Next, find something to practice on.  For starters you will likely go around your house trying to pick all the keyed locks you can find.  It's a good start, but consider that most homes have all the locks keyed alike or, at worst, maybe two different keys.  You will quickly get used to picking a single combination and you will soon want to move on.  Going around the neighborhood with lock picks is not the smartest idea.  In many jurisdictions it is illegal to possess these tools (this is something you are responsible to look into -- we cannot police customers and we must leave it to you to determine if possession of lockpicks is permissible where you live).  Even if they are perfectly legal, you will not find acceptance skulking around trying to pick open doors that you don't have permission to open.  Nice way to end up in jail.

No, what you need is at least a few Practice Locks. Check out our selection, it's the best on the Internet because we are without a doubt the leader in lockpicking practice items.  You might consider buying one of our Starter Kits, which will include both a pick set and from 1 to 7 practice locks, depending on the kit you choose.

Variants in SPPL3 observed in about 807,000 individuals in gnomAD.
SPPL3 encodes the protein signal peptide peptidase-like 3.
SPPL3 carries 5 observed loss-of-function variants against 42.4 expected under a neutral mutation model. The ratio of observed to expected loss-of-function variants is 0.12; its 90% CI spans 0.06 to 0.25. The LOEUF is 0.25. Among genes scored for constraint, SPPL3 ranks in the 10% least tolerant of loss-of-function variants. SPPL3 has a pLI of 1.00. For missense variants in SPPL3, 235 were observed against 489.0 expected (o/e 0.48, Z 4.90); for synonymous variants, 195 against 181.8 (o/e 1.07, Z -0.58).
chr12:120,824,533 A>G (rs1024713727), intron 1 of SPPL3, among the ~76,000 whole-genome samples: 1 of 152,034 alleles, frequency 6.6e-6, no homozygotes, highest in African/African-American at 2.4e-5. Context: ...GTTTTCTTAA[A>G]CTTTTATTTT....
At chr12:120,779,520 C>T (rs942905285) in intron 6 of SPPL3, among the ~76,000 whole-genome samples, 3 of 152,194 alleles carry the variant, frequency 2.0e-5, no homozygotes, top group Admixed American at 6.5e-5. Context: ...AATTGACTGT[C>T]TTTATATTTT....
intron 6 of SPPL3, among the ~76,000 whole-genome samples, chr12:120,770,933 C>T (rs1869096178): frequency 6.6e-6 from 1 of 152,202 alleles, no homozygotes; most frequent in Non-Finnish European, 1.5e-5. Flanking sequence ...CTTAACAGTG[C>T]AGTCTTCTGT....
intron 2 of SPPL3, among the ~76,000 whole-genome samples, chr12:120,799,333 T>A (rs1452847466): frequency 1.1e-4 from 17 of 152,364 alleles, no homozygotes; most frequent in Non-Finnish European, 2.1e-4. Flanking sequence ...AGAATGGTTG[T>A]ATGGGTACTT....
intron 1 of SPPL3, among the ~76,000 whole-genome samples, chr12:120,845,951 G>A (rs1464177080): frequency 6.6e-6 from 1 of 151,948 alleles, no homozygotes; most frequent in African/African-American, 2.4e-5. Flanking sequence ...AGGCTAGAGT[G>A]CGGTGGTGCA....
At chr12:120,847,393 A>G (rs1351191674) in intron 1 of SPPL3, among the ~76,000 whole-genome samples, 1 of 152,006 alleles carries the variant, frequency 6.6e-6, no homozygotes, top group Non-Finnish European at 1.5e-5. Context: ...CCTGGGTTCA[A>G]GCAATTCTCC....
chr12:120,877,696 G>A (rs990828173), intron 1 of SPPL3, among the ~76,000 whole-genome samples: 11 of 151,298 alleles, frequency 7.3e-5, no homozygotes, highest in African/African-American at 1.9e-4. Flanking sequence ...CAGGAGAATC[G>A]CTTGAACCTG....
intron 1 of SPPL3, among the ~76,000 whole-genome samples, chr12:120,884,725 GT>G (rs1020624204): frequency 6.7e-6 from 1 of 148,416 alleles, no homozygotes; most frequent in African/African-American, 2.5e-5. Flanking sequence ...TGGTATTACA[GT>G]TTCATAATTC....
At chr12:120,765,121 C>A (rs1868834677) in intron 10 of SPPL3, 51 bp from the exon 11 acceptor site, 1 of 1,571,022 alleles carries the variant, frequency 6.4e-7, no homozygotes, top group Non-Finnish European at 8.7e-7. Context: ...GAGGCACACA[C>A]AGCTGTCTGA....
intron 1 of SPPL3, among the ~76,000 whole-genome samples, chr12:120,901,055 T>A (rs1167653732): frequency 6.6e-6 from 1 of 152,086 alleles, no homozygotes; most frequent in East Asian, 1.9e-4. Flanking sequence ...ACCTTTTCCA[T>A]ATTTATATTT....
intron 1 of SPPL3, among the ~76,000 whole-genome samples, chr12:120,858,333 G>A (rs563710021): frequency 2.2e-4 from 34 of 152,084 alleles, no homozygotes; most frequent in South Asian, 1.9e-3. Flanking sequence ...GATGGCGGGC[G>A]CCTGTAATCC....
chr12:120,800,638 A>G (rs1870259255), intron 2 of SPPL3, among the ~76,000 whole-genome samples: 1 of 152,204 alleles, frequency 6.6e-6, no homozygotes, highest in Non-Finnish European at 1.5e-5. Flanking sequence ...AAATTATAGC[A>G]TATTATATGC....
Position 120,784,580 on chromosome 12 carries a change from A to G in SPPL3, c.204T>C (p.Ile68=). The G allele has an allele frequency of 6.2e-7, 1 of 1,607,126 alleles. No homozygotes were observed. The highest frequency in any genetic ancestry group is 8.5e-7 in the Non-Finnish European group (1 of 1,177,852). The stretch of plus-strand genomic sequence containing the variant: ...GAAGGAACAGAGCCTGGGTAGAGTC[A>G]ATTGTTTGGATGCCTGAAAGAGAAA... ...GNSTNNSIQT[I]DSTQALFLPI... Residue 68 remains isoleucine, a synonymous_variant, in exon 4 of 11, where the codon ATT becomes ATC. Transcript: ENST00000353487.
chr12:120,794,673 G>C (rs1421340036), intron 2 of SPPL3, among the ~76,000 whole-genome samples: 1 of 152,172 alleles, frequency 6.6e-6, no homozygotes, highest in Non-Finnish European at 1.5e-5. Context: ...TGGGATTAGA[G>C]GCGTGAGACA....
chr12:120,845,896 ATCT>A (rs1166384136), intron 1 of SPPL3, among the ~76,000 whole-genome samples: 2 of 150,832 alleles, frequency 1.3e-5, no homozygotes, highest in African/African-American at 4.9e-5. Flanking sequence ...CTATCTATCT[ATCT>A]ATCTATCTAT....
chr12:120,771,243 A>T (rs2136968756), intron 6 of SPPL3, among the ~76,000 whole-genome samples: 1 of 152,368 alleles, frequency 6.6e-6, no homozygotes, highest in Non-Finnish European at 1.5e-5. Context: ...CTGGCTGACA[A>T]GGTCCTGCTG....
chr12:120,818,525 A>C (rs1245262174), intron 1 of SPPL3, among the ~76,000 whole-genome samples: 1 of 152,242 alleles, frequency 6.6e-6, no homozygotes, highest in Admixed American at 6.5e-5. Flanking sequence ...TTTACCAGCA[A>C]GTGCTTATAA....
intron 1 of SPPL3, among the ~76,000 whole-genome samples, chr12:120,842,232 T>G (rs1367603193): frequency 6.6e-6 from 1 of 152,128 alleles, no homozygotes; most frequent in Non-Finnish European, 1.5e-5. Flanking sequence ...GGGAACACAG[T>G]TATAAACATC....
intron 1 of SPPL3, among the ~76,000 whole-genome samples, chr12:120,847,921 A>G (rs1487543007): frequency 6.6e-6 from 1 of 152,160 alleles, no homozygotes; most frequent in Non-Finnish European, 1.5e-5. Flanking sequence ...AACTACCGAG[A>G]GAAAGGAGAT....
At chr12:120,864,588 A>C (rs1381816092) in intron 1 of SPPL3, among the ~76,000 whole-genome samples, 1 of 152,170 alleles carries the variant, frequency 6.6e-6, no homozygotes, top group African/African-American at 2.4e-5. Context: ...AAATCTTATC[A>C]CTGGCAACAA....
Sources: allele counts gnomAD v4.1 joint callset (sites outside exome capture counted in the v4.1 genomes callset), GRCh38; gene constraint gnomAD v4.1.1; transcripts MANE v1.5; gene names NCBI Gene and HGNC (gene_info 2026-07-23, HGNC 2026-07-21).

Next comes the Practice Lock Stand, to hold your practice locks firmly while you go about practicing lock picking.  How do you pick a lock easily?  It depends on several things.  First, it depends on how difficult is the lock's combination -- or tumbler grouping.  Some locks are quite easily picked because they were combinated with a nearly 'flat' combination.  Best bet is to buy one of our Complete Starter Kits because you'll get a variety of practice locks with a variety of combinations.  You'll even get a 2-pinned or 3-pinned lock with which to begin practicing (standard number of pins, or tumblers, in a residential lock is 5 -- 6 for commercial locks).  If you begin with a 2-pinned lock, you will almost surely have it picked in a matter of minutes if not seconds.  It is primarily to acquaint you with how it FEELS when the lock pick moves the tumblers properly and the lock turns.  In other words, you learn through feedback.  Your brain will log and memorize all the subtle feelings that come through your fingers, wrist and arm as the lock picks.  Practice with the 2- or 3-pinned practice lock until you can consistently and easily pick it.